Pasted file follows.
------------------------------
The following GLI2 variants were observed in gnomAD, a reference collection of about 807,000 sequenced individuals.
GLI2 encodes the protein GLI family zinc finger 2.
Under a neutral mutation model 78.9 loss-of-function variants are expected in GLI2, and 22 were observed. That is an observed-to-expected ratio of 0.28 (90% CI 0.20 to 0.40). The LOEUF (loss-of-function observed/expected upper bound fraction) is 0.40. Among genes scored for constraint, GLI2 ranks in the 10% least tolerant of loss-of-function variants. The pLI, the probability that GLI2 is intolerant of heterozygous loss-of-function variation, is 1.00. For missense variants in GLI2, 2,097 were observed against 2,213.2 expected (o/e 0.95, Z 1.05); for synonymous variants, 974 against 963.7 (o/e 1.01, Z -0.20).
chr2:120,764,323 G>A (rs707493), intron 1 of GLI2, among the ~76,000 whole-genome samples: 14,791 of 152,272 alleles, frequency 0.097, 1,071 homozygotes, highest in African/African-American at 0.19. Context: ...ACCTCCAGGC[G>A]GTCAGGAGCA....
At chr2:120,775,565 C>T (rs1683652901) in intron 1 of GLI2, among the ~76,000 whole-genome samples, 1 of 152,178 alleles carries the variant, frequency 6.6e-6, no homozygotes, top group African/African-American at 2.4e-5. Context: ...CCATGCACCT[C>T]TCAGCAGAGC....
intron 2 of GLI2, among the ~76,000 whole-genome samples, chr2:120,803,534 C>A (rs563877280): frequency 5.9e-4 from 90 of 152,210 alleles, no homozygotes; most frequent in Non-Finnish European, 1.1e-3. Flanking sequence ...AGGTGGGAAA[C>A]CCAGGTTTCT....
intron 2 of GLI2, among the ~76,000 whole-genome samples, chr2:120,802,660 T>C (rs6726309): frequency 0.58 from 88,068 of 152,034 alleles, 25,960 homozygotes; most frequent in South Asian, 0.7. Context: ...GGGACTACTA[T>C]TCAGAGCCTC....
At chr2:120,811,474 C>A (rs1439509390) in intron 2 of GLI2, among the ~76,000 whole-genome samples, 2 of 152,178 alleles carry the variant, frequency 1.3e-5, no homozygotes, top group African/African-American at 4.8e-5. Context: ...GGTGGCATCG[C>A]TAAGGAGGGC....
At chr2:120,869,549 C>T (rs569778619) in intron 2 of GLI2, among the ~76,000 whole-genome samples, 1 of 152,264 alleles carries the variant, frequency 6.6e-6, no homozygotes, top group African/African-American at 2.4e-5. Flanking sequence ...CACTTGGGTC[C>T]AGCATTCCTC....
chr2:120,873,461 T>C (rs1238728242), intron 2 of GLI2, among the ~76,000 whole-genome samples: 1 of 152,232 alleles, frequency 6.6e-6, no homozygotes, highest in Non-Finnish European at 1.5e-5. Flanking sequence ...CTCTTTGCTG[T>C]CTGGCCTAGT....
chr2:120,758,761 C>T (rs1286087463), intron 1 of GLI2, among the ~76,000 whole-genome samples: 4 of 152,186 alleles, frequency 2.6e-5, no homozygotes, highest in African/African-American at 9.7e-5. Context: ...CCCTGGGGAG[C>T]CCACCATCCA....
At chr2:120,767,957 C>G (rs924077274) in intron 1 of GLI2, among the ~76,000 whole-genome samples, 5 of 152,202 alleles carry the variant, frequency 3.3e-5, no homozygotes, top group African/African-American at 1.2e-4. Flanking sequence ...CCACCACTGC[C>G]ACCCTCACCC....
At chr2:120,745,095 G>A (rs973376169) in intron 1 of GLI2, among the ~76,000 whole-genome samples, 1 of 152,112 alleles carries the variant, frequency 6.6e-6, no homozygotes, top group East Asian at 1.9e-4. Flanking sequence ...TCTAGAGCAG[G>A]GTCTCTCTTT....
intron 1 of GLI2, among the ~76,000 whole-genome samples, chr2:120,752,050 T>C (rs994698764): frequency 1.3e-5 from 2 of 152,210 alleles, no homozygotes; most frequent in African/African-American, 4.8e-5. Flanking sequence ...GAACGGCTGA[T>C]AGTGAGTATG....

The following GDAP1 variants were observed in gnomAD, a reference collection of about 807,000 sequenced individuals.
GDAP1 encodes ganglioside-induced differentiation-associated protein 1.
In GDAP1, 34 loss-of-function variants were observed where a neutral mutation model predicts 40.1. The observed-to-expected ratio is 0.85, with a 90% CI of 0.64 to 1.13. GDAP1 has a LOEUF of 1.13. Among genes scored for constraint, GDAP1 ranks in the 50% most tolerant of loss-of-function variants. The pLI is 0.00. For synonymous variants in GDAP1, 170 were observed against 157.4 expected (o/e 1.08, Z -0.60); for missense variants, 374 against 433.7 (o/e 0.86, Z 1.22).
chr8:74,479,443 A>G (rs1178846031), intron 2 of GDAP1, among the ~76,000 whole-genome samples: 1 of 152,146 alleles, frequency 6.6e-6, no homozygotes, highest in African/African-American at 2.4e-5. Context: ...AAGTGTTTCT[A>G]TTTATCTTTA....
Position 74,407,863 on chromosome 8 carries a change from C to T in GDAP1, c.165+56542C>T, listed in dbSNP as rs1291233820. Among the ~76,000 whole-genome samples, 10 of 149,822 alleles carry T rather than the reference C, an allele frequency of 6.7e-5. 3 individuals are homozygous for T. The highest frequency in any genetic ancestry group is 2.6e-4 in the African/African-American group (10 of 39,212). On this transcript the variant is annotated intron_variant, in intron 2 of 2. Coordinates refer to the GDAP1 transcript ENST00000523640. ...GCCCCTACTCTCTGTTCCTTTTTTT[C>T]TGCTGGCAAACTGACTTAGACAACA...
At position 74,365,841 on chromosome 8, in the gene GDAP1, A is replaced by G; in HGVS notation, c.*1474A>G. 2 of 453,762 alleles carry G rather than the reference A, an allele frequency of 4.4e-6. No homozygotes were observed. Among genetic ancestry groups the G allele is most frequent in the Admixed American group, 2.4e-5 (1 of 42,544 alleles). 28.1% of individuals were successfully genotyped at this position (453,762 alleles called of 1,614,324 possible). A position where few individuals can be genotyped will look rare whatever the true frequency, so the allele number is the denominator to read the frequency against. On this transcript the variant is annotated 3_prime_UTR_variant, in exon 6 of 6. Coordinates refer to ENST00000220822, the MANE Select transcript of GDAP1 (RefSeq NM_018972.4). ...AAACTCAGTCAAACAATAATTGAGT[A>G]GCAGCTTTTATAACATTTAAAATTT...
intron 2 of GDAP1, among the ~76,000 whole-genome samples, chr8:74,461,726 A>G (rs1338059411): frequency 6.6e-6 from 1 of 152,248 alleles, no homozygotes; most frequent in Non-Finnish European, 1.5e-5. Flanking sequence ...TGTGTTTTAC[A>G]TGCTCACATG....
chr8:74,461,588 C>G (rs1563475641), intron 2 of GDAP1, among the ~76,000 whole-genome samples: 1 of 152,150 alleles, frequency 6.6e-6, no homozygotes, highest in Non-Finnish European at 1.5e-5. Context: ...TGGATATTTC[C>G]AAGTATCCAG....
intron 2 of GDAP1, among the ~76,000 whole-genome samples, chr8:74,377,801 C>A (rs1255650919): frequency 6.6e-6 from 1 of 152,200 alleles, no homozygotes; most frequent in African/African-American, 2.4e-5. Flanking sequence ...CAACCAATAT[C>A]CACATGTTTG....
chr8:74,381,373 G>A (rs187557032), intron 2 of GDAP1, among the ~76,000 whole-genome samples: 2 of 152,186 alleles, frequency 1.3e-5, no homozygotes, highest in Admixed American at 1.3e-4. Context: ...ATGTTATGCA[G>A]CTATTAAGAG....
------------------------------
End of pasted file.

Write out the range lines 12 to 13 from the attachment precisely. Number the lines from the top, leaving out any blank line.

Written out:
At chr2:120,767,957 C>G (rs924077274) in intron 1 of GLI2, among the ~76,000 whole-genome samples, 5 of 152,202 alleles carry the variant, frequency 3.3e-5, no homozygotes, top group African/African-American at 1.2e-4. Flanking sequence ...CCACCACTGC[C>G]ACCCTCACCC....
At chr2:120,745,095 G>A (rs973376169) in intron 1 of GLI2, among the ~76,000 whole-genome samples, 1 of 152,112 alleles carries the variant, frequency 6.6e-6, no homozygotes, top group East Asian at 1.9e-4. Flanking sequence ...TCTAGAGCAG[G>A]GTCTCTCTTT....